Frontier Heritage Historical Society
Fort Fairfield, Maine 04742
Originally organized in 1974, the Frontier Heritage, Fort Fairfield's own historical society, was established with the purpose of fostering, promoting and encouraging interest in the history of the region of Fort Fairfield and it's surrounding communities. Equally important to the organization was the preservation of the heritage and culture of this region.
One of the first projects undertaken by the Frontier Heritage was to construct a replica of the original Fort Fairfield Blockhouse that was built to defend the town during the Aroostook War in 1839.
In 1992 we acquired the Fort Fairfield Railroad Museum. The railroad museum saw a significant expansion of the "rolling stock" to include a caboose, dining/sleeper car, boxcars and even an engine! A number of small motor cars were acquired that provide scenic rides for visitors to our museum.
In 1995, the Friends Church was graciously donated to the Heritage. This church remains a significant part of the history of Fort Fairfield. Originally constructed in 1858 by an assembly of Quakers, it served as a refuge point on the Underground Railroad during our country's Civil War.
Finally, in 1997 the sole remaining one-room schoolhouse in Fort Fairfield was deeded over to the Heritage. Although it is in need of some repairs, the schoolhouse will be the future site of a museum devoted to highlighting the role of the one-room schoolhouse in the educational development of Fort Fairfield.
Click on photos to enlarge
The Railroad Museum is located at the old Bangor & Aroostook
yard on Depot Street and is comprised of a display of locomotive and
cars. It includes a newly
refurbished combination sleeping-dining car used for elegant gourmet
dinners and other events. The
Canadian-Pacific Railroad station (1875) was moved from the floodplain
to this site in 2000. A
public pancake breakfast is featured during the Potato Blossom Festival
the 3rd weekend in July. Rides
on motor cars are available.
The Blockhouse museum is a 1976 replica of the original structure located on
the banks of the Aroostook River which served to prevent transport of
lumber into Canada during “the Bloodless Aroostook War” of 1839.
The Blockhouse is filled with artifacts from early Fort Fairfield
History including agricultural items, antiques, photographs and
Located on Route 1a, Friends Church is the oldest still-standing church in
Fort Fairfield. It was built
in 1859-1860 by the Haines family and a bunch of their Quaker friends,
who, according to oral history, were part of the Underground Railroad
before and during the Civil War. The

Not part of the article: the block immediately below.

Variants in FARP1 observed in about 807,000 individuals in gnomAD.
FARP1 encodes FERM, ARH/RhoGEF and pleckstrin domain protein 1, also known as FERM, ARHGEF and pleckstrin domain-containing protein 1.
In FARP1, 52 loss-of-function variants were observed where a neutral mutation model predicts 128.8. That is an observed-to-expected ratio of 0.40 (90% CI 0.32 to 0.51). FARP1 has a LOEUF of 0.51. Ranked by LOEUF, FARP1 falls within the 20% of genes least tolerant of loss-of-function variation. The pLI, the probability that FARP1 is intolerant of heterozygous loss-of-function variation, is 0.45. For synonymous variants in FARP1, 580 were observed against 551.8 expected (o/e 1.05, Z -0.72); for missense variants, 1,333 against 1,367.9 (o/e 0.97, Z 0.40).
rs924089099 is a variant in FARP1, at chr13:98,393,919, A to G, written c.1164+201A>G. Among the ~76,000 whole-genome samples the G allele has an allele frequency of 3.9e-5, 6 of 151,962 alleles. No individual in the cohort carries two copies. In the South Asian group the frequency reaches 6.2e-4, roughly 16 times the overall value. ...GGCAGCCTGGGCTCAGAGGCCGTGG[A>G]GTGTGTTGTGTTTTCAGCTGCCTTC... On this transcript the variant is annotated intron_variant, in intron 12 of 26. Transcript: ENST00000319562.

church was later used as a neighborhood community church and is being
restored by Frontier Heritage. Friends
Church is listed on the National Register of Historic Places.
McIntosh One-Room School House
McIntosh School is the only restorable one left out of the
twenty-six listed in 1904. It
was built in 1848, before churches and other public buildings, and was
also used for Town meetings, social gatherings, church services,
weddings, baptisms and funerals. It
used to be situated on the corner of Route 1a and 167, but was moved to
a location near the Railroad Museum. The first official Town meeting of
Letter D Plantation was held at Black School on April 11, 1853
The blackboards are still in place and even privy compartments,
one each for girls and boys are still intact.
The original desks are gone, but replacements will be used.
An antique farm machinery
display is set up near the B&A Railroad museum.
It features large and small horse drawn equipment for
transportation and farming potatoes, hay, flax, and grain.
Some equipment goes back to the time when oxen were used.
The FHHS is always seeking members. Members receive a newsletter, advance notice of museum activities and free admission to major events. “We currently have around 25 members,” said Wayne Troicke, from the FHHS, “but only 12 or so are what I would call active” At the annual membership meeting, members learn about progress during the year and plans for the future as well as enjoy a sociable and entertaining evening.
The Frontier Heritage Historical Society plays a vital role in
the preservation of a valuable part of Maine’s Heritage.
Volunteers are needed to
help maintain the area, clean out brush and setting up the antique farm
equipment display this spring.
“We are trying to come up with some ideas to raise funds
to replace the CP Station Roof this year and get the building painted.
We also want to finish getting the dining car painted and back into
shape to have some dinners to raise funds for the museum.”
For information on how to obtain a membership in Frontier Heritage Historical Society, email us.